I write before knowing the results of the American presidential election, but I am still wondering whether Barack Obama might have done better if he hadn’t given up smoking. That may sound silly when everyone knows that America is a country full of anti-smoking fanatics where even hardened criminals migrate humbly from the bars to the sidewalks of New York to have a cigarette. I even remember reading somewhere during the 2008 election campaign that Obama’s smoking habit would be more of an impediment to his winning than the colour of his skin.
But there was also an article in the New York Times saying that he had been wrong to give up smoking and should take it up again so as to earn the support of the blue-collar workers who had flocked to Hillary Clinton in the Democratic primaries. Its author, Tony Horwitz, made the point that Americans on low incomes smoked at twice the rate of the better off, and that most of them lived in the states where Obama had polled worst in the primaries.
They saw him as ‘aloof, over-groomed and fussy about eating the right foods and getting enough exercise’, so taking up smoking again ‘would go a long way towards dispelling his effete image’. (What redneck would vote for a man whose favourite food was steamed broccoli and favourite drink an obscure organic brew called Black Forest Berry Honest Tea?) Another persuasive point made by Horwitz was that ‘indulging in a vice stigmatised by most Americans is an easy way to bond with people with whom you otherwise have nothing in common’.
It’s been true again in this election that Obama’s support has been weakest among white males, the category in which smoking is most prevalent. But for him to have taken up smoking again at this stage would have looked extremely feeble. For in fact, contrary to what most people believed at the time, he hadn’t given up smoking during the 2008 campaign but was still at it then and would continue to be so intermittently for another three years. For it has been five years since he first publicly declared his intention to give up, and it was only last year that he was finally said to have succeeded. In their annual medical report of 2011 his doctors declared him to be ‘tobacco free’, whereas only a year earlier they had urged him to continue his ‘smoking cessation efforts’ with nicotine chewing-gum.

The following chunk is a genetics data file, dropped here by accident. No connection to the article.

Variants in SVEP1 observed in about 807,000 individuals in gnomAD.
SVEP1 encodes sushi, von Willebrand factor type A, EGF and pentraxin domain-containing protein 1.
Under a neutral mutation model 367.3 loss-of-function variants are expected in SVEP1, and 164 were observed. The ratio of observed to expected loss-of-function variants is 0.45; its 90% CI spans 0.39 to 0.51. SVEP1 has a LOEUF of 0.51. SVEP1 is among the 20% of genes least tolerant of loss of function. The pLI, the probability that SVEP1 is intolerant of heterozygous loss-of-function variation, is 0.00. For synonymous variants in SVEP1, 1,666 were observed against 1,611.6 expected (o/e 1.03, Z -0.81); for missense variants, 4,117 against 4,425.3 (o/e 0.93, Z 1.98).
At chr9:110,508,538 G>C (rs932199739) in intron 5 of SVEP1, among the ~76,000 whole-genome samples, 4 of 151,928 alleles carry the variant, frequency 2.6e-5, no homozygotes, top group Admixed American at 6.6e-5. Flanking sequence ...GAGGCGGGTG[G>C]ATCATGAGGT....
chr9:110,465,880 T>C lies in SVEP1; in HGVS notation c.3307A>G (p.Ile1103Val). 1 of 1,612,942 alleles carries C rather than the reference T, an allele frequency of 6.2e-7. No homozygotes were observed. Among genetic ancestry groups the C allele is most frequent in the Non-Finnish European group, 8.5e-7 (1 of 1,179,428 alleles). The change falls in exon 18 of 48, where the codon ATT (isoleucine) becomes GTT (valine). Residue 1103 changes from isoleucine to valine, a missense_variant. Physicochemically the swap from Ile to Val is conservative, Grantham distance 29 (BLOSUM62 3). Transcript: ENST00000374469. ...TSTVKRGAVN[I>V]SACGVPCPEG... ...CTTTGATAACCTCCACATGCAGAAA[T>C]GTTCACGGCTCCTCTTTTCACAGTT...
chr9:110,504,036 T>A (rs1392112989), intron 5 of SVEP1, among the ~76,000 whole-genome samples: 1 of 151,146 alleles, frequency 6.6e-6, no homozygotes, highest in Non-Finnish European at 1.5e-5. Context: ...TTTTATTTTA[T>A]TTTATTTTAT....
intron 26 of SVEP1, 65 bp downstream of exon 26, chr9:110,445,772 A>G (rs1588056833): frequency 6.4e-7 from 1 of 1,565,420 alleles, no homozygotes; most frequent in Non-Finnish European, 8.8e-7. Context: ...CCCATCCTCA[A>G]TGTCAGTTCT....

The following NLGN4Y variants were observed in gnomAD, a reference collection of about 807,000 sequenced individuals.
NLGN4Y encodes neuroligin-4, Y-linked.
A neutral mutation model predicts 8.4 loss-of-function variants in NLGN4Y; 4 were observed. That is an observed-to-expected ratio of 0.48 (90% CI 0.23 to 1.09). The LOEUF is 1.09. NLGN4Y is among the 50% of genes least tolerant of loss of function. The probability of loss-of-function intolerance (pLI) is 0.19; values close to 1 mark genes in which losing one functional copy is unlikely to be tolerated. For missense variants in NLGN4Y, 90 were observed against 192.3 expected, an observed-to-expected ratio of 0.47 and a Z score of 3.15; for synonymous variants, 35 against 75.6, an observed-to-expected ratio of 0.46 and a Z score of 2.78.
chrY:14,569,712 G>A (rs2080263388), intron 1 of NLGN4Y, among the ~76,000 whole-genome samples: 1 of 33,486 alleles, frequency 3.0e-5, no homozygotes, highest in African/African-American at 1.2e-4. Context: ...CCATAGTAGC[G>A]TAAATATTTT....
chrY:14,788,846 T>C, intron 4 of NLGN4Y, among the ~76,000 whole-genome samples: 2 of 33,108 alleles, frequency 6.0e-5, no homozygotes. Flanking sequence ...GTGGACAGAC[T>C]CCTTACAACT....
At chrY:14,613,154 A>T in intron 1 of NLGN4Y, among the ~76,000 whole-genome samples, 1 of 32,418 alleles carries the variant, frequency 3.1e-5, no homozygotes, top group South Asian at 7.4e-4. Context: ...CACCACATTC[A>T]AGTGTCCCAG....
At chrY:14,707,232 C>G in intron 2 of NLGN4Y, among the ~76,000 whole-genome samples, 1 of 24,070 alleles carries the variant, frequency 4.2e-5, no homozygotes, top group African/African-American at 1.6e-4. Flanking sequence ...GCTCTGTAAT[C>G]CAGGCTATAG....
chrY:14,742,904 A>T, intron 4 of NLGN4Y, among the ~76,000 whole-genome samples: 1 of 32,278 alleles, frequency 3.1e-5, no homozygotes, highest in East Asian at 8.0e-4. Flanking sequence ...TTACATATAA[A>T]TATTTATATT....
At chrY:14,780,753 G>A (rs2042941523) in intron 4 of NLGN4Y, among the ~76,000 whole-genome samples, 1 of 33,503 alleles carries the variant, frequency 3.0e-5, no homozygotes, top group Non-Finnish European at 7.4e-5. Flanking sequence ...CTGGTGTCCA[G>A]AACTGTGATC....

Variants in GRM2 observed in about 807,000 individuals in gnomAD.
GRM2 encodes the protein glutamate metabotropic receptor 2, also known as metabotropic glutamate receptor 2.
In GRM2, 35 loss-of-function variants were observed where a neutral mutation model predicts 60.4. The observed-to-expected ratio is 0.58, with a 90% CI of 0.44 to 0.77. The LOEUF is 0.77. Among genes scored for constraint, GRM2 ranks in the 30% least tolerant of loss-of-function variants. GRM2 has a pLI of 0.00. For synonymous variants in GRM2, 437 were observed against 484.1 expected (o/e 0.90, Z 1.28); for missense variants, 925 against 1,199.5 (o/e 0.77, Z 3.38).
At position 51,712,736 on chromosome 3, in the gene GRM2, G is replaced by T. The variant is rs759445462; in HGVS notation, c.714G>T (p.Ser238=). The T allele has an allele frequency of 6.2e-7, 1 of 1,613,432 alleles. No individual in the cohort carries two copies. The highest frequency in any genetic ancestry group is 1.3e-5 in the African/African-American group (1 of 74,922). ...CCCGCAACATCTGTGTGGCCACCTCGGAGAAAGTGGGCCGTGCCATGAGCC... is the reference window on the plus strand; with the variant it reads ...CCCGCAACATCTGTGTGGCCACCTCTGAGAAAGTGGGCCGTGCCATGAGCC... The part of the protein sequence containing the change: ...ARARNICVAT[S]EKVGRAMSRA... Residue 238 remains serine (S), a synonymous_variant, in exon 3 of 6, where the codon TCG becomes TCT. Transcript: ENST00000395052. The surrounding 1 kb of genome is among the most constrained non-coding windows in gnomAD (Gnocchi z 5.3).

Such lack of willpower would be injurious to the reputation of any president but especially so to one so calm and controlled and disciplined as Obama is supposed to be. There is also the feeling that he has been somewhat shifty on the whole subject of himself and cigarettes. In his autobiography, Dreams From My Father, he freely admitted to having been a heavy smoker, but then during his first run for the presidency it was stated that he had given up under pressure from his wife Michelle, who had made it a condition of her support that he did so. But gradually it transpired that he hadn’t. Months after arriving in the White House, he admitted there were times ‘where I mess up’ as far as smoking was concerned. ‘I constantly struggle with it,’ he said. ‘Have I fallen off the wagon sometimes? Yes. Am I a daily smoker, a constant smoker? No.’
Why am I banging on about this, you may wonder. Well, I have a special interest, because I gave up smoking on 20 January 2008, the day of Obama’s inauguration as president. But unlike him, I haven’t had a cigarette since. My reason for choosing that particular day to quit was my confidence that, once installed in the White House, the new president would be compelled to stop smoking and that my resolve would be boosted by his example. The White House had been declared smoke-free by Hillary Clinton when she was First Lady; and, for all I knew, smoking in it by a president might have become an impeachable offence. But even if it hadn’t, I couldn’t imagine how Obama would ever find the time or the place to sneak a cigarette, especially when he was living under the watchful eyes of two fierce anti-smokers, the First Lady and the Secretary of State,
But I was wrong. He somehow managed to go on smoking until last year when, according to Michelle, he finally gave up because his daughters, Malia and Sasha, had reached an age when they had to be warned against smoking, and he didn’t want to tell them not to do it when he was still having the occasional cigarette. That is a very wet reason. Naturally, I feel most disappointed.
I gave up smoking on the day of Obama’s inauguration as president. But unlike him, I haven’t had a cigarette since
Subscribe to The Spectator today for a quality of argument not found in any other publication. Get more Spectator for less – just £12 for 12 issues.